In a world were there are so many bands to keep track of I want to bring my two cents in presenting you to this interview with DEAD BY WEDNESDAY. Anders Ekdahl ©2019
What kind of vision did you have when you started and how has it changed over the years?
Opus: The vision was the same from the start… to be true to ourselves and always deliver a high powered energetic rock show that anyone can enjoy or relate too. Only change has been the line ups which we have finally landed the right combination. The sound has evolved through out the years as well but only to get more polished, better produced, more musical & melodic… heavier, tighter… etc. less is more… we believe in being real. Just 4 dudes playing the best to their abilities.
Does location mean anything today? We used to hear about how it was all location, location, location back in the days if you wanted to make it big? That you had to come from a certain place to be sure to make it.
DS: Certainly each locale has it’s own unique sound and scene. While DBW has some influence from the CT/Western MA scenes we feel we are tapping into something original. There is so much to be inspired from in metal and day to day life. We bring that to each tune in an unconventional format.
What is it like to be a in a band and to get to tour all over the world? What kind of feelings do that bring about?
DS: We actually have not traveled abroad as of yet. However, as we write this we are on a national tour with Flotsam and Jetsam that covers the US coast to coast. It has been killer turning on new fans to what DBW is all about. Each city brings a new flavor and we have been able to bring in new fans one at a time. It has been stellar.
What kind of feedback have you had on your music, your latest album and in general? How important is feedback?
DS: We have received quite a bit of praise on both the songwriting and the production. Quality over quantity for sure. The songwriting is a team effort. While some contributors are no longer associated with the band, the group effort has remained prevalent. The work of engineer Nick Bellmore and Zuess who mastered the album have left indelible imprints on the DBW sound for sure.
How do you know that you have written a “hit” song? Is there a particular feeling you get when you know that this is the one, this is the big “make it song”?
DS: When the audience is singing along word for word you know you have something. That is the case for You & Die, the single off of the latest release. Its electric and transcends the rigor morale of a standard setlist.
As I am no musician I will never got to know the difference of analogue and digital. Can you explain the difference to me? what are the pros and cons of analogue V/S digital?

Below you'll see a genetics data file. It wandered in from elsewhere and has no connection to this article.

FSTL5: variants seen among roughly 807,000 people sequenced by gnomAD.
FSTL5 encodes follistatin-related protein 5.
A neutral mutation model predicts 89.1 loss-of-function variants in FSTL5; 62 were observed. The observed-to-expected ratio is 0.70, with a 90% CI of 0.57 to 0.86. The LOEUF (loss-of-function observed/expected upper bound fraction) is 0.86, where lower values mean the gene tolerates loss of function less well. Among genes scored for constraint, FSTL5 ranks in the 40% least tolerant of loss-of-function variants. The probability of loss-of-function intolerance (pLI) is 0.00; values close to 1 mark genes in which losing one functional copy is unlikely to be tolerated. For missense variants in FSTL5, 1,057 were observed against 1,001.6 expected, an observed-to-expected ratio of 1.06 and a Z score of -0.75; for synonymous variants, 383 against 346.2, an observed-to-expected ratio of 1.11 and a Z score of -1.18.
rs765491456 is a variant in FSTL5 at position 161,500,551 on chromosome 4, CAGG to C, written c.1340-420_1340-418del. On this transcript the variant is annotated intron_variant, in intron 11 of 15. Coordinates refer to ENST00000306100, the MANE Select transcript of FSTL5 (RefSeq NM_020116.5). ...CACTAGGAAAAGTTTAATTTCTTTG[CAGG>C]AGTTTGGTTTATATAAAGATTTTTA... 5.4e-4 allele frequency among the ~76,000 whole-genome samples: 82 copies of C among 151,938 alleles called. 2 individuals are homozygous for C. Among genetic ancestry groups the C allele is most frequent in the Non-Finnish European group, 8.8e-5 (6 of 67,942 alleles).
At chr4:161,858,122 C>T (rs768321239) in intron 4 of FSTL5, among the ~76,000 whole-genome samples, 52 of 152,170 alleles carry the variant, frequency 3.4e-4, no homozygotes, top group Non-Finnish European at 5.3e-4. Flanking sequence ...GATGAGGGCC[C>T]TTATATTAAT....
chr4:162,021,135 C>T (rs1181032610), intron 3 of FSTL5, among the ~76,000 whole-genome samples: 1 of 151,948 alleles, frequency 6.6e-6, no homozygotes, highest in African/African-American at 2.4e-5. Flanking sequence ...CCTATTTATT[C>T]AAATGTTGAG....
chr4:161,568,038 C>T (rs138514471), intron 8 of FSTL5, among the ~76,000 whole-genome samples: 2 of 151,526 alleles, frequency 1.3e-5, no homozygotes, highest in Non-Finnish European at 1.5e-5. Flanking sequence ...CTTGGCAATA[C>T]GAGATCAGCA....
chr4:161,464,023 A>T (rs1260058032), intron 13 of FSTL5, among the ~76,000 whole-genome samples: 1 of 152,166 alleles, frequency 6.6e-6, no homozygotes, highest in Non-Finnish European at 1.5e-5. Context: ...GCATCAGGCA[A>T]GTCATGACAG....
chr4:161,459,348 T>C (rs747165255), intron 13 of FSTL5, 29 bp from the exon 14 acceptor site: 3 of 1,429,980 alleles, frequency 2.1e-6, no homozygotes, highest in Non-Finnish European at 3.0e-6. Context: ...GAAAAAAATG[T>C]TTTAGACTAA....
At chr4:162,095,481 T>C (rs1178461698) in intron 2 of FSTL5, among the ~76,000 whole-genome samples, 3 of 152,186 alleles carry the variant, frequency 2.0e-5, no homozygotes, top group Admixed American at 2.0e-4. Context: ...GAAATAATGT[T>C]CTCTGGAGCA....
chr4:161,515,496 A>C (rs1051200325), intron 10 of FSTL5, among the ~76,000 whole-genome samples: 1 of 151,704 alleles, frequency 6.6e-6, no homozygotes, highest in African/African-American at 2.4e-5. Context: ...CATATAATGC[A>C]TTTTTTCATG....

DS: We like to state that our live performances are analogue: four guys ripping it out on their respective instruments without backing or click tracks. These days it is apropos to use a digital software for recording. To a degree the product is a product of both. That said. We are adamant that the live performance is raw energy, no BS.
What is it like to have people you never met liking your music and singing along to it at gigs?
DS: In some markets we are certainly a new commodity. However, we have found more and more people in attendance familiar with our music and it is a special moment when we are all on the same wavelength with the track that we are playing.
How important are lyrics to you guys? Do you have any messages that you want to get forward?
Rob Roy: Lyrics are extremely important to me. On top of the sound of the album the words give another whole layer of art to the piece. Being a vocalist, this is what I have to say, this is what I want people to hear and be touched by, and learn from.
This album has some “wake up call” type lyrical pieces as well as some more personal on it. I think the more personal songs like You & Die, Out the Door & Beatdown Broken have messages that lots of people can relate to on how sometime beautiful relationships can end and be sad yet have a growth experience or opportunity. Sometimes there is empowerment in leaving someone and standing up for yourself. Sometime there is empowerment in being beat down and getting back up tougher and stronger.
Songs like (un)FTW, Smelling Salts, Darwin’s Dance, Manimal and Chrysalis are calling out the plasticity of our society, the selfishness and wastefulness, the brainwashing media, the unsustainable actions of humans at this point-and how they will end up being our own end if we don’t change.
I love a really cool cover but I get the feeling that today with all this digital uploading/downloading people aren’t that concerned about artwork. How do you feel
DS: We take the stance that the artwork and layout are an integral part of the representation of the album. While we have nothing against digital paid for downloads, there is another dimension of artistry when the liner notes, photos, art and shout outs can be taken in as well with the music.
What does the future hold?
DS; We are loing forward to more exposure, larger tours, and any other avenues to get the DBW brand out to the Metal masses. We know we can deliver and look forward to hanging with diverse metalheads worldwide.